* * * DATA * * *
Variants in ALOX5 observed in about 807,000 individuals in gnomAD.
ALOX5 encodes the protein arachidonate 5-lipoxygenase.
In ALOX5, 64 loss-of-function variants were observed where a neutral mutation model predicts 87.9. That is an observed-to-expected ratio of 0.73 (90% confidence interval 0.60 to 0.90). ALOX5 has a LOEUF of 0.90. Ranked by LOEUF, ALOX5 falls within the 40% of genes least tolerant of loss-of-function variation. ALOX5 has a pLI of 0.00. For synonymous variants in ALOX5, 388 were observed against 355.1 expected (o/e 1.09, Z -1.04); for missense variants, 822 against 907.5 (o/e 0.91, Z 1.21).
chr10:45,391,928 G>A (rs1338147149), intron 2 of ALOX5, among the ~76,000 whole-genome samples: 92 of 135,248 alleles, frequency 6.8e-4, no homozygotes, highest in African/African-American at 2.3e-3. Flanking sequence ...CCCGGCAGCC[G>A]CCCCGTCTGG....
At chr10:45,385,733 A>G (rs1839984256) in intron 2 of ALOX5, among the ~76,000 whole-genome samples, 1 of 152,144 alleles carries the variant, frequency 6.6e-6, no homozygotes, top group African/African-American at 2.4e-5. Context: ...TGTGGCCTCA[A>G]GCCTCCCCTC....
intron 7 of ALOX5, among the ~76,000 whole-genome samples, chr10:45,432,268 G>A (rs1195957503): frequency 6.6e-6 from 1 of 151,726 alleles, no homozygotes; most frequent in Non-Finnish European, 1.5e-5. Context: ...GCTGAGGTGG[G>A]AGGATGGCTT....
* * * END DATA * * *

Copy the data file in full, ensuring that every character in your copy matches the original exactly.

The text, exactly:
Variants in ALOX5 observed in about 807,000 individuals in gnomAD.
ALOX5 encodes the protein arachidonate 5-lipoxygenase.
In ALOX5, 64 loss-of-function variants were observed where a neutral mutation model predicts 87.9. That is an observed-to-expected ratio of 0.73 (90% confidence interval 0.60 to 0.90). ALOX5 has a LOEUF of 0.90. Ranked by LOEUF, ALOX5 falls within the 40% of genes least tolerant of loss-of-function variation. ALOX5 has a pLI of 0.00. For synonymous variants in ALOX5, 388 were observed against 355.1 expected (o/e 1.09, Z -1.04); for missense variants, 822 against 907.5 (o/e 0.91, Z 1.21).
chr10:45,391,928 G>A (rs1338147149), intron 2 of ALOX5, among the ~76,000 whole-genome samples: 92 of 135,248 alleles, frequency 6.8e-4, no homozygotes, highest in African/African-American at 2.3e-3. Flanking sequence ...CCCGGCAGCC[G>A]CCCCGTCTGG....
At chr10:45,385,733 A>G (rs1839984256) in intron 2 of ALOX5, among the ~76,000 whole-genome samples, 1 of 152,144 alleles carries the variant, frequency 6.6e-6, no homozygotes, top group African/African-American at 2.4e-5. Context: ...TGTGGCCTCA[A>G]GCCTCCCCTC....
intron 7 of ALOX5, among the ~76,000 whole-genome samples, chr10:45,432,268 G>A (rs1195957503): frequency 6.6e-6 from 1 of 151,726 alleles, no homozygotes; most frequent in Non-Finnish European, 1.5e-5. Context: ...GCTGAGGTGG[G>A]AGGATGGCTT....